DHCP failover lease balancing with nearly saturated pools

Jack Kielsmeier jackkiel at netins.net
Wed Jan 28 22:53:37 UTC 2009

I apologize for not including the version number I am running.

I'm running 3.1.0 on Sun Solaris (Sparc). More comments inserted inline
Jack Kielsmeier <jackkiel at netins.net>

> On Wed, Jan 28, 2009 at 01:48:15PM -0600, Jack Kielsmeier wrote:
> > Currently, when the pools become nearly 100% saturated, the primary
> > server throws out 'peer holds all free leases' errors. This is correct
> > because the peer holds the final lease. Since I'm shipping all traffic
> > to the primary server, that last lease will never be given out.
> I don't know as of what version, but if the servers agree on the
> lease states (no db synch. problems), then the secondary should know
> that there are zero free leases and will over-ride the LBA
> algorithm.

The way in which we have out network laid out, the secondary doesn't see
DHCP traffic (except of course the load balancing traffic occurring on
port 520).

These two servers are separated by about 60 miles behind redundant LBS
switches. The LBS sends traffic to only the primary server, unless it
sees it down, then it ships traffic to the secondary. The LBS ships off
unicast DHCP traffic to our DHCP servers.

The primary server hands out leases, and the pools on busy subnets are
balanced every 5 minutes or so. When there is only one lease left, the
secondary won't balance that lease over to the primary.

I figured this was by design, as the load balanced design of dhcp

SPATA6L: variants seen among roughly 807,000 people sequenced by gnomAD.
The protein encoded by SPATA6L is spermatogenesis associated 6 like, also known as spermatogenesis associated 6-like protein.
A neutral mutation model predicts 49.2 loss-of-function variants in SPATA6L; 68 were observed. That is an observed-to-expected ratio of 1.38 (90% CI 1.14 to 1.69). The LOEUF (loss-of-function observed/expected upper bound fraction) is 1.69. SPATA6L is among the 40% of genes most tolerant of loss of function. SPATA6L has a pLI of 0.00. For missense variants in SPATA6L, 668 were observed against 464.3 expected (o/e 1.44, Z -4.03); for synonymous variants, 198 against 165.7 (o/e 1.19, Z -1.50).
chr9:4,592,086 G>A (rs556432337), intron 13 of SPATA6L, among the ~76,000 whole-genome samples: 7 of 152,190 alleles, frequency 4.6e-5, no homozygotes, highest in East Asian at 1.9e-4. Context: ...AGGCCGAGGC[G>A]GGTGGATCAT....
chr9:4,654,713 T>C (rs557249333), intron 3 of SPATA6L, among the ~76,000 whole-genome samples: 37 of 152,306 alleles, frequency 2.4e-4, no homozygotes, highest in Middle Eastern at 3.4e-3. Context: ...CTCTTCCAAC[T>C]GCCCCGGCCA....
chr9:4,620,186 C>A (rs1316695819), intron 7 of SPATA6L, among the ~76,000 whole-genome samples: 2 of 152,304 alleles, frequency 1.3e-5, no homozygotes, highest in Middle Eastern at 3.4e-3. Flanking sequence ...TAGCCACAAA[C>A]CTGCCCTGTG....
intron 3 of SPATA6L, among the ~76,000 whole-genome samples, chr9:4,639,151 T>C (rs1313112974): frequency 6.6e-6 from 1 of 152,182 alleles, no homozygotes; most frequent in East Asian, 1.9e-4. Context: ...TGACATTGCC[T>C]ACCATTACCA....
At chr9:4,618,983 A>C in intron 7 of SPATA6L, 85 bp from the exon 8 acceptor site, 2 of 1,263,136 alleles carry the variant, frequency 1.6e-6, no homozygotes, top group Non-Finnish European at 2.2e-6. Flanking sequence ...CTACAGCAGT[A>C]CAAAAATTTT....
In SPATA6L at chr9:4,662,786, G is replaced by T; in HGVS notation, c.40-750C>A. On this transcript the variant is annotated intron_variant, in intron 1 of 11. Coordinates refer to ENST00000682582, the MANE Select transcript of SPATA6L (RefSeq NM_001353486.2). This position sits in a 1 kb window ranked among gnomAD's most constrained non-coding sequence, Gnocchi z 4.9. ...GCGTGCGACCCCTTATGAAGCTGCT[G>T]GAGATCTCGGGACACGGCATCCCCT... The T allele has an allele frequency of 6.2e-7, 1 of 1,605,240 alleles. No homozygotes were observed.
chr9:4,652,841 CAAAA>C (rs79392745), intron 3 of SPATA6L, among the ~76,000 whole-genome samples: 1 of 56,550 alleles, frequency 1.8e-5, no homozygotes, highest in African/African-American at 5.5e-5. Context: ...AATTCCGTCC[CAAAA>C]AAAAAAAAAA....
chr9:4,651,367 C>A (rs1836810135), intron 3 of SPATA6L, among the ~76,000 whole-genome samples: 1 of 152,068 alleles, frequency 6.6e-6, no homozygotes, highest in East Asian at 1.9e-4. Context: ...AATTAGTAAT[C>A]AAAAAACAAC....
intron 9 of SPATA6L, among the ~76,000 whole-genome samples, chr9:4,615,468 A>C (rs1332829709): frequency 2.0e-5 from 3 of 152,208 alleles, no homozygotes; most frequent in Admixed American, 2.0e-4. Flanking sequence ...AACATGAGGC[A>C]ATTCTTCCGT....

assumes both servers will see the same traffic. If this was the case in
my situation, I'd assume the secondary would hand out the lease knowing
it has the only valid one left for the pool, and it was in control of it.
But in my case, the secondary never sees the request so it doesn't know
to hand it out. The only way the lease could be handed out is if the
primary server went down and DHCP traffic started hitting the secondary.

Of course if the non-used lease were balanced over to the primary before
the request for the lease came in, then things would work well and all
leases would then be used.

I hope this explains my situation in better detail.

> So the version you're running might be an issue.
> The only place I'm not sure is if you've got a series of pools in a
> given shared network, and some of them have ACL's applied that don't
> match the client.
> The other thing is that the peer should offer the lease if the client
> has been (re)trying for more than 'load balance max secs (n);'.
> Note that this is advertised by the client (in the BOOTP header 'secs'
> field), so the servers don't have a lot of say about it, but most
> clients put something useful there.
> -- 
> David W. Hankins	"If you don't do it right the first time,
> Software Engineer		     you'll just have to do it again."
> Internet Systems Consortium, Inc.		-- Jack T. Hankins

More information about the dhcp-users mailing list